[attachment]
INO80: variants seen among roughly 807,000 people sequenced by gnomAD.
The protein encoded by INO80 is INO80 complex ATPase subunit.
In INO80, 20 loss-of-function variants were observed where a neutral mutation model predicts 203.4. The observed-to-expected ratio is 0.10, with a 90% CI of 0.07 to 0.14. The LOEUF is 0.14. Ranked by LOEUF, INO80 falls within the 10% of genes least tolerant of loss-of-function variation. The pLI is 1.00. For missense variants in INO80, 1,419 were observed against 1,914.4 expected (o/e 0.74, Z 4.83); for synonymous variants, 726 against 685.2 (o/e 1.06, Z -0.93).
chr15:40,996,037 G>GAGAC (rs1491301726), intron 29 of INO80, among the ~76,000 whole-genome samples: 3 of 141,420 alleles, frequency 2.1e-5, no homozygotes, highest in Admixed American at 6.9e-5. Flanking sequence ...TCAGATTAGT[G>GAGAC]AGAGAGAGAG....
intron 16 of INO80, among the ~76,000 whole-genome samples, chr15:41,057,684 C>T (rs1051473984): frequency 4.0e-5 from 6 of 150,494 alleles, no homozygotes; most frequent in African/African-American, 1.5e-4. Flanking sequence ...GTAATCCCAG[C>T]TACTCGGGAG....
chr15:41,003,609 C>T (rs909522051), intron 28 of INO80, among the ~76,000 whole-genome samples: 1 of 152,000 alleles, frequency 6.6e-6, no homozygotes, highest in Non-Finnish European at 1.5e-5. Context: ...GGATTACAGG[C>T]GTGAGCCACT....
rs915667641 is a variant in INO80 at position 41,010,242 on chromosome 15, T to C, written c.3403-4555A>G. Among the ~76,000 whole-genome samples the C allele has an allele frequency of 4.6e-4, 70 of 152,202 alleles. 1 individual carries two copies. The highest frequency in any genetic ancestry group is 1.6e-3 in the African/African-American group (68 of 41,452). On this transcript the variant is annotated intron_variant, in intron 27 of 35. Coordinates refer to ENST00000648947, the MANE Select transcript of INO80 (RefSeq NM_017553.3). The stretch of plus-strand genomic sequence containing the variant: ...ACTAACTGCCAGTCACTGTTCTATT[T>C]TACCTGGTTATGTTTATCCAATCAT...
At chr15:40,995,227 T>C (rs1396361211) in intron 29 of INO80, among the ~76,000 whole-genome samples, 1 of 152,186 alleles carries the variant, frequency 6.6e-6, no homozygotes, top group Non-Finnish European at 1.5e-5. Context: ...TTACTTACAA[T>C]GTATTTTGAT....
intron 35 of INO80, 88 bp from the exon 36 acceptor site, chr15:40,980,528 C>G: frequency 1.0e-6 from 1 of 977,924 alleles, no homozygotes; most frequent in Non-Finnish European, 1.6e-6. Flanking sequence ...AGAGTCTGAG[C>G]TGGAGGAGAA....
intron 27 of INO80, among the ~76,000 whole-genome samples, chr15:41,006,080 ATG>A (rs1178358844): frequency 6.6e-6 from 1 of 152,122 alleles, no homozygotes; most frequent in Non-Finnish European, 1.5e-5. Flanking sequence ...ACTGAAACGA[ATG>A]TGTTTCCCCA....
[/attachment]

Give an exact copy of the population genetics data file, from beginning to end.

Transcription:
INO80: variants seen among roughly 807,000 people sequenced by gnomAD.
The protein encoded by INO80 is INO80 complex ATPase subunit.
In INO80, 20 loss-of-function variants were observed where a neutral mutation model predicts 203.4. The observed-to-expected ratio is 0.10, with a 90% CI of 0.07 to 0.14. The LOEUF is 0.14. Ranked by LOEUF, INO80 falls within the 10% of genes least tolerant of loss-of-function variation. The pLI is 1.00. For missense variants in INO80, 1,419 were observed against 1,914.4 expected (o/e 0.74, Z 4.83); for synonymous variants, 726 against 685.2 (o/e 1.06, Z -0.93).
chr15:40,996,037 G>GAGAC (rs1491301726), intron 29 of INO80, among the ~76,000 whole-genome samples: 3 of 141,420 alleles, frequency 2.1e-5, no homozygotes, highest in Admixed American at 6.9e-5. Flanking sequence ...TCAGATTAGT[G>GAGAC]AGAGAGAGAG....
intron 16 of INO80, among the ~76,000 whole-genome samples, chr15:41,057,684 C>T (rs1051473984): frequency 4.0e-5 from 6 of 150,494 alleles, no homozygotes; most frequent in African/African-American, 1.5e-4. Flanking sequence ...GTAATCCCAG[C>T]TACTCGGGAG....
chr15:41,003,609 C>T (rs909522051), intron 28 of INO80, among the ~76,000 whole-genome samples: 1 of 152,000 alleles, frequency 6.6e-6, no homozygotes, highest in Non-Finnish European at 1.5e-5. Context: ...GGATTACAGG[C>T]GTGAGCCACT....
rs915667641 is a variant in INO80 at position 41,010,242 on chromosome 15, T to C, written c.3403-4555A>G. Among the ~76,000 whole-genome samples the C allele has an allele frequency of 4.6e-4, 70 of 152,202 alleles. 1 individual carries two copies. The highest frequency in any genetic ancestry group is 1.6e-3 in the African/African-American group (68 of 41,452). On this transcript the variant is annotated intron_variant, in intron 27 of 35. Coordinates refer to ENST00000648947, the MANE Select transcript of INO80 (RefSeq NM_017553.3). The stretch of plus-strand genomic sequence containing the variant: ...ACTAACTGCCAGTCACTGTTCTATT[T>C]TACCTGGTTATGTTTATCCAATCAT...
At chr15:40,995,227 T>C (rs1396361211) in intron 29 of INO80, among the ~76,000 whole-genome samples, 1 of 152,186 alleles carries the variant, frequency 6.6e-6, no homozygotes, top group Non-Finnish European at 1.5e-5. Context: ...TTACTTACAA[T>C]GTATTTTGAT....
intron 35 of INO80, 88 bp from the exon 36 acceptor site, chr15:40,980,528 C>G: frequency 1.0e-6 from 1 of 977,924 alleles, no homozygotes; most frequent in Non-Finnish European, 1.6e-6. Flanking sequence ...AGAGTCTGAG[C>G]TGGAGGAGAA....
intron 27 of INO80, among the ~76,000 whole-genome samples, chr15:41,006,080 ATG>A (rs1178358844): frequency 6.6e-6 from 1 of 152,122 alleles, no homozygotes; most frequent in Non-Finnish European, 1.5e-5. Flanking sequence ...ACTGAAACGA[ATG>A]TGTTTCCCCA....